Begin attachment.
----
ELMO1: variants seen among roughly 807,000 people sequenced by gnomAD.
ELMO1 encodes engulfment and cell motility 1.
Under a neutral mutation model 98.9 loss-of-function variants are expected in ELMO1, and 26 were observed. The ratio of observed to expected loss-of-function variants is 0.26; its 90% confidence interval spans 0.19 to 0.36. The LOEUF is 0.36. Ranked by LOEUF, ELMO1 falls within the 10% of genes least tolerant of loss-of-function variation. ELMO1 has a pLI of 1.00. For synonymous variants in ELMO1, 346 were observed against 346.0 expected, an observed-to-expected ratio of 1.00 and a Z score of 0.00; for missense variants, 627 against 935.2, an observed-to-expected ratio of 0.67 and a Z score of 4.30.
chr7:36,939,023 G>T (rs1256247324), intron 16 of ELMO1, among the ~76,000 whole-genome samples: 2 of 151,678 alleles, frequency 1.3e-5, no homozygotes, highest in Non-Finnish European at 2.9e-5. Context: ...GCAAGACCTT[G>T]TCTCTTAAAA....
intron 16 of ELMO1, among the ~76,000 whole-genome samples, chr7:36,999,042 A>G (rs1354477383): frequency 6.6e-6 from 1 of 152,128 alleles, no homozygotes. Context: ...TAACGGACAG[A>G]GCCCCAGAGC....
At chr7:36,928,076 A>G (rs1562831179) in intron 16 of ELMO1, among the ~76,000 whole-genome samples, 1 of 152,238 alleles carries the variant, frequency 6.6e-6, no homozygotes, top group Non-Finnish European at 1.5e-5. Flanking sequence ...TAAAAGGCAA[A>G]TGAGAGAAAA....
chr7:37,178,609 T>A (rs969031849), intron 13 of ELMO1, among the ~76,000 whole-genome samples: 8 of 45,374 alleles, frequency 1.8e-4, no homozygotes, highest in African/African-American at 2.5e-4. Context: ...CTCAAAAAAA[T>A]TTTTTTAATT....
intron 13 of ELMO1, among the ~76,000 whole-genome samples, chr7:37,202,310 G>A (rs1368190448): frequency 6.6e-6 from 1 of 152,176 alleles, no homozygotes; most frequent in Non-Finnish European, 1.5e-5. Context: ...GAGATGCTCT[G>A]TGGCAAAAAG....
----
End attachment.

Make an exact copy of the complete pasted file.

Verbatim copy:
ELMO1: variants seen among roughly 807,000 people sequenced by gnomAD.
ELMO1 encodes engulfment and cell motility 1.
Under a neutral mutation model 98.9 loss-of-function variants are expected in ELMO1, and 26 were observed. The ratio of observed to expected loss-of-function variants is 0.26; its 90% confidence interval spans 0.19 to 0.36. The LOEUF is 0.36. Ranked by LOEUF, ELMO1 falls within the 10% of genes least tolerant of loss-of-function variation. ELMO1 has a pLI of 1.00. For synonymous variants in ELMO1, 346 were observed against 346.0 expected, an observed-to-expected ratio of 1.00 and a Z score of 0.00; for missense variants, 627 against 935.2, an observed-to-expected ratio of 0.67 and a Z score of 4.30.
chr7:36,939,023 G>T (rs1256247324), intron 16 of ELMO1, among the ~76,000 whole-genome samples: 2 of 151,678 alleles, frequency 1.3e-5, no homozygotes, highest in Non-Finnish European at 2.9e-5. Context: ...GCAAGACCTT[G>T]TCTCTTAAAA....
intron 16 of ELMO1, among the ~76,000 whole-genome samples, chr7:36,999,042 A>G (rs1354477383): frequency 6.6e-6 from 1 of 152,128 alleles, no homozygotes. Context: ...TAACGGACAG[A>G]GCCCCAGAGC....
At chr7:36,928,076 A>G (rs1562831179) in intron 16 of ELMO1, among the ~76,000 whole-genome samples, 1 of 152,238 alleles carries the variant, frequency 6.6e-6, no homozygotes, top group Non-Finnish European at 1.5e-5. Flanking sequence ...TAAAAGGCAA[A>G]TGAGAGAAAA....
chr7:37,178,609 T>A (rs969031849), intron 13 of ELMO1, among the ~76,000 whole-genome samples: 8 of 45,374 alleles, frequency 1.8e-4, no homozygotes, highest in African/African-American at 2.5e-4. Context: ...CTCAAAAAAA[T>A]TTTTTTAATT....
intron 13 of ELMO1, among the ~76,000 whole-genome samples, chr7:37,202,310 G>A (rs1368190448): frequency 6.6e-6 from 1 of 152,176 alleles, no homozygotes; most frequent in Non-Finnish European, 1.5e-5. Context: ...GAGATGCTCT[G>A]TGGCAAAAAG....